3 Potential Turnaround Companies: Hunting For a Last Light

Nihar is a member of The Motley Fool Blog Network -- entries represent the personal opinion of the blogger and are not formally edited.

Turnaround companies are always tricky. When a company is far gone enough I always see it as needing one significant development that sets it right. A lot of small victories is okay. To turn a company into a stock that the market really wants takes something that grabs headlines. News of one product breaking records does better than 10 products doing above average even if the overall effect is the same. People understand and get excited about a jackpot, because it is how we are wired. All the companies are priced pretty well for an entry with a long-term outlook, but they are potential turnarounds.

1. LightRadio

My favorite product of the line is Alcatel-Lucent's (NYSE: ALU) lightRadio. The company has other exciting things, but to break the almost decade of shareholder disappointments it will take something more. The routers have a similar potential, but I do not see them as innovative as lightRadio.

LightRadio is a cell tower in a cube, and is in the category of small cells. Small cells are designed to fill coverage gaps, but there are other uses. I think dense cities will require more deployment of small cells to get the data off the air and into the wired network. Spectrum is expensive and limited. The addition of Wi-Fi into the cells also supports this. Establishing Wi-Fi hotspots that recognize the carrier on the phone and allow access is probably the next most important step when it comes to providing mobile service. The technology is not going to keep pace with the data hungry populace. These Wi-Fi systems allow metering by carriers, which allows them to track data use and possibly charge for it. Being able to track and charge for data usage on Wi-Fi is probably the biggest impediment to adoption. The allotment of data can be larger and cheaper per unit, but some sort of charge must exist.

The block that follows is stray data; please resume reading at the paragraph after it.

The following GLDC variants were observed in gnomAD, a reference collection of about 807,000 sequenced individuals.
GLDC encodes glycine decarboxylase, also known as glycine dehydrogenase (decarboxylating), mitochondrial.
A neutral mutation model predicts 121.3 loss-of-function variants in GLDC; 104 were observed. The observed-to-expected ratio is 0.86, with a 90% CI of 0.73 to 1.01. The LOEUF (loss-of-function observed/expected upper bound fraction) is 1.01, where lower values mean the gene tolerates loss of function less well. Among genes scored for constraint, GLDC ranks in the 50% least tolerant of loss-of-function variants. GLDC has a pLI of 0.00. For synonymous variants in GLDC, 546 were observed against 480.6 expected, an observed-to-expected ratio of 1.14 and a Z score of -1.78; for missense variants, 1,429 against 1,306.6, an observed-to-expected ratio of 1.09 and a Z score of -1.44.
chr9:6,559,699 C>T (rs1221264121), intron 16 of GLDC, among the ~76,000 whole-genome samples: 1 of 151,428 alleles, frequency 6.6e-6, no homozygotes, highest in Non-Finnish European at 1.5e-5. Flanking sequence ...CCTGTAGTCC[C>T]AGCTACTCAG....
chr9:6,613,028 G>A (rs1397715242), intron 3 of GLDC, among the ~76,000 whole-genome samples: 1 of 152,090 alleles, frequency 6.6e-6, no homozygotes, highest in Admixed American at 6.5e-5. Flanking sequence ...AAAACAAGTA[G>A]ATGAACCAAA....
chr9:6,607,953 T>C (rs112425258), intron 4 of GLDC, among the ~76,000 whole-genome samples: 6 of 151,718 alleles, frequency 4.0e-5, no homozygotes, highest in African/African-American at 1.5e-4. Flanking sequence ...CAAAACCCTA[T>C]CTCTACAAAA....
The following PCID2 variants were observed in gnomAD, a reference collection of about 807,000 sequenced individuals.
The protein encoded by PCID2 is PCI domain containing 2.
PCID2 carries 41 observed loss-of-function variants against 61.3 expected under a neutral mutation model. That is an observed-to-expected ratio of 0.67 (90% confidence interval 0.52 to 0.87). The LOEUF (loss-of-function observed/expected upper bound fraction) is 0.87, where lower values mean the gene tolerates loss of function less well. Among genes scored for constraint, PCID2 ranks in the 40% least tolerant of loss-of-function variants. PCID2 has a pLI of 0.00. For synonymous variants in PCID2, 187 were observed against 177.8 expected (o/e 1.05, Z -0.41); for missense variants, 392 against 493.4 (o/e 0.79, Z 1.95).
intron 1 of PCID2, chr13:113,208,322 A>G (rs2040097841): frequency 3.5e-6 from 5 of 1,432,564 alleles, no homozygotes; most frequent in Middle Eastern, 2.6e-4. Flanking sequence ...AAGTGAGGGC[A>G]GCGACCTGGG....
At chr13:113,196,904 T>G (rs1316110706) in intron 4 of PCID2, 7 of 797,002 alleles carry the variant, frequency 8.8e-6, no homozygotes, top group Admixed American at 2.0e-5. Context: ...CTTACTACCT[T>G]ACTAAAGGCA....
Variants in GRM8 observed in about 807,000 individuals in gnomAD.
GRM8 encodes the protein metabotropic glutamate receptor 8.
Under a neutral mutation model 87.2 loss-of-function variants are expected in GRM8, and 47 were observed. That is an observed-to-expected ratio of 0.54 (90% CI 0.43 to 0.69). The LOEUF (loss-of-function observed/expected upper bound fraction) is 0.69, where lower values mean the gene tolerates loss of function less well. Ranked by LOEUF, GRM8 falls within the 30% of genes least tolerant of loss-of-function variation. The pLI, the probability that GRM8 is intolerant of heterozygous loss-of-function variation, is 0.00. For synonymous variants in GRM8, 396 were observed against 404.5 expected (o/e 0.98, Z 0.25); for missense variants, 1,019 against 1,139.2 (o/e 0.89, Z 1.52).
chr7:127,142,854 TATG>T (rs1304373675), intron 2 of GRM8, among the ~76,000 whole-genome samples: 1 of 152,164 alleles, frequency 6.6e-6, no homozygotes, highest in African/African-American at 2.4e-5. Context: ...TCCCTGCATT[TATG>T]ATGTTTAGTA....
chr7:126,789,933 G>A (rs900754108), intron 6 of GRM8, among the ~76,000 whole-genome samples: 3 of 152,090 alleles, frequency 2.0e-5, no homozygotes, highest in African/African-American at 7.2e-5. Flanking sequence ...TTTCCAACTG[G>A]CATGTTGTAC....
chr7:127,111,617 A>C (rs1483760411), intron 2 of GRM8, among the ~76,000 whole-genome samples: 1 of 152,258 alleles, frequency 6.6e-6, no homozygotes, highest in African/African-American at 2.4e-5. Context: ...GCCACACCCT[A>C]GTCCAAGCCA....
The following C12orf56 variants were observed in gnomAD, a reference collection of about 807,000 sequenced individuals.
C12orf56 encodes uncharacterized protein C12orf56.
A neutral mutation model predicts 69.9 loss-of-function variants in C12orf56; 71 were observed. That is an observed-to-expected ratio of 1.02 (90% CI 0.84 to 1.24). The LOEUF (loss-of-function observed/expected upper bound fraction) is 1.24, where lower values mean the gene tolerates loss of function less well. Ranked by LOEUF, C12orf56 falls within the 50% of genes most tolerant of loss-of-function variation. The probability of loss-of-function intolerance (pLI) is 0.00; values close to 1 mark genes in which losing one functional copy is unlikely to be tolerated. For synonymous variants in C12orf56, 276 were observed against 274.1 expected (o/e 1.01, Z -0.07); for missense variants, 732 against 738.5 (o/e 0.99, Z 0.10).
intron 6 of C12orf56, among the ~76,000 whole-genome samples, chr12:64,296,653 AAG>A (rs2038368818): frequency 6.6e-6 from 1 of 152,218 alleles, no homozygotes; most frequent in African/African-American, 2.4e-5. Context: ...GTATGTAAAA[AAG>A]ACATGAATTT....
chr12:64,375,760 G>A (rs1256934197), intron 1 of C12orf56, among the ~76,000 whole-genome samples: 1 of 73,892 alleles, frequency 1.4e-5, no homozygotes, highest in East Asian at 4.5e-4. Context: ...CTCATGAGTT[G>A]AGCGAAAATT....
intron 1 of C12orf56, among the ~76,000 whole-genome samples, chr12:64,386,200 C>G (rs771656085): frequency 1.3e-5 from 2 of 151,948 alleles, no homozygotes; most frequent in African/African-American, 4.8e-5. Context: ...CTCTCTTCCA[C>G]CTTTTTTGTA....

LightRadio was being rolled out across Barcelona. ALU has an agreement with Telefonica for trials. I have not seen much about the status of that. We should get more updates at the next Mobile World Congress. For now, ALU has a restructuring to carry out. The Goldman credit facility will help to keep the company afloat while it makes the cuts it needs. Some of the company's products need to start finding dominance in the market if it is going to dig itself out of its hole. At least the big liquidity concern is pushed back.

2. High-Density Servers

The debut of this product has not really occurred yet. AMD (NYSE: AMD) announced that it will be developing a high-density server using ARM-based chips. This is one of the few developments I like from the company. Most of the other stuff is just so much noise to me. The company is beaten by a rival in every market it is in. It differs in how much it is beaten, but nevertheless beaten is beaten.